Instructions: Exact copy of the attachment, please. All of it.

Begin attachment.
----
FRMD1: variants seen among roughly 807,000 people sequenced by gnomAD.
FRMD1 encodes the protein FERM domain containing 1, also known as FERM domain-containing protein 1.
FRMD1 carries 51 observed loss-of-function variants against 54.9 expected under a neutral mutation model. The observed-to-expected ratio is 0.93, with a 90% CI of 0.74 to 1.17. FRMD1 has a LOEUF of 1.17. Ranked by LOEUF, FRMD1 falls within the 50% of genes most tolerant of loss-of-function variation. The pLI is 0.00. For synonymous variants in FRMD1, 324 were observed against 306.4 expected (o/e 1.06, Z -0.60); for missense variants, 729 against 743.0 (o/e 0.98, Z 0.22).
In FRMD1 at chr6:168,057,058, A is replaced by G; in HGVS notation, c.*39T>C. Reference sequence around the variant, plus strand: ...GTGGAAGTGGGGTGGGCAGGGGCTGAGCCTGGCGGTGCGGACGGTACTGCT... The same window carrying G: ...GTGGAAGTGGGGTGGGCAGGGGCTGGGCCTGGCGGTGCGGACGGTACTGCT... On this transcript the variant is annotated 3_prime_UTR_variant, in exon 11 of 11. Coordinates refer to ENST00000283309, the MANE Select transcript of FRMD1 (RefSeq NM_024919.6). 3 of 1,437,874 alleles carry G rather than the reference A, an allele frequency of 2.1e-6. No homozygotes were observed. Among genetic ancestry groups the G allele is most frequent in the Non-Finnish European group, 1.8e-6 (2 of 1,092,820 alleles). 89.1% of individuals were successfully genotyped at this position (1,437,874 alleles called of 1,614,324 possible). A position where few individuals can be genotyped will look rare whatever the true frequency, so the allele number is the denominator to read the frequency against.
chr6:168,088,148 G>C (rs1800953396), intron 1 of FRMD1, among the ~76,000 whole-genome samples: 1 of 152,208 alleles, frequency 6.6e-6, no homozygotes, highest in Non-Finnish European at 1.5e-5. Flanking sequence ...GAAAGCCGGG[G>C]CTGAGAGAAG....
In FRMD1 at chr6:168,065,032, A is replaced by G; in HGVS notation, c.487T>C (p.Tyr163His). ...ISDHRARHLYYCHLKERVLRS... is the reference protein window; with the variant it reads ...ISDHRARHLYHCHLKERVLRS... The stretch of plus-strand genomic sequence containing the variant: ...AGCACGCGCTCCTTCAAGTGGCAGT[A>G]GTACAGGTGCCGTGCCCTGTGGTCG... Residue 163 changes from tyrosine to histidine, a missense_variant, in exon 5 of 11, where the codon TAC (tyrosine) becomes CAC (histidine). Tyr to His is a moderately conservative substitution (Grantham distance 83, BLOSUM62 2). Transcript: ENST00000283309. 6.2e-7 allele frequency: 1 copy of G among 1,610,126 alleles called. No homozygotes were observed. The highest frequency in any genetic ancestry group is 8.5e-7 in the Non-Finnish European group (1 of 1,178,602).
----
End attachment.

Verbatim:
FRMD1: variants seen among roughly 807,000 people sequenced by gnomAD.
FRMD1 encodes the protein FERM domain containing 1, also known as FERM domain-containing protein 1.
FRMD1 carries 51 observed loss-of-function variants against 54.9 expected under a neutral mutation model. The observed-to-expected ratio is 0.93, with a 90% CI of 0.74 to 1.17. FRMD1 has a LOEUF of 1.17. Ranked by LOEUF, FRMD1 falls within the 50% of genes most tolerant of loss-of-function variation. The pLI is 0.00. For synonymous variants in FRMD1, 324 were observed against 306.4 expected (o/e 1.06, Z -0.60); for missense variants, 729 against 743.0 (o/e 0.98, Z 0.22).
In FRMD1 at chr6:168,057,058, A is replaced by G; in HGVS notation, c.*39T>C. Reference sequence around the variant, plus strand: ...GTGGAAGTGGGGTGGGCAGGGGCTGAGCCTGGCGGTGCGGACGGTACTGCT... The same window carrying G: ...GTGGAAGTGGGGTGGGCAGGGGCTGGGCCTGGCGGTGCGGACGGTACTGCT... On this transcript the variant is annotated 3_prime_UTR_variant, in exon 11 of 11. Coordinates refer to ENST00000283309, the MANE Select transcript of FRMD1 (RefSeq NM_024919.6). 3 of 1,437,874 alleles carry G rather than the reference A, an allele frequency of 2.1e-6. No homozygotes were observed. Among genetic ancestry groups the G allele is most frequent in the Non-Finnish European group, 1.8e-6 (2 of 1,092,820 alleles). 89.1% of individuals were successfully genotyped at this position (1,437,874 alleles called of 1,614,324 possible). A position where few individuals can be genotyped will look rare whatever the true frequency, so the allele number is the denominator to read the frequency against.
chr6:168,088,148 G>C (rs1800953396), intron 1 of FRMD1, among the ~76,000 whole-genome samples: 1 of 152,208 alleles, frequency 6.6e-6, no homozygotes, highest in Non-Finnish European at 1.5e-5. Flanking sequence ...GAAAGCCGGG[G>C]CTGAGAGAAG....
In FRMD1 at chr6:168,065,032, A is replaced by G; in HGVS notation, c.487T>C (p.Tyr163His). ...ISDHRARHLYYCHLKERVLRS... is the reference protein window; with the variant it reads ...ISDHRARHLYHCHLKERVLRS... The stretch of plus-strand genomic sequence containing the variant: ...AGCACGCGCTCCTTCAAGTGGCAGT[A>G]GTACAGGTGCCGTGCCCTGTGGTCG... Residue 163 changes from tyrosine to histidine, a missense_variant, in exon 5 of 11, where the codon TAC (tyrosine) becomes CAC (histidine). Tyr to His is a moderately conservative substitution (Grantham distance 83, BLOSUM62 2). Transcript: ENST00000283309. 6.2e-7 allele frequency: 1 copy of G among 1,610,126 alleles called. No homozygotes were observed. The highest frequency in any genetic ancestry group is 8.5e-7 in the Non-Finnish European group (1 of 1,178,602).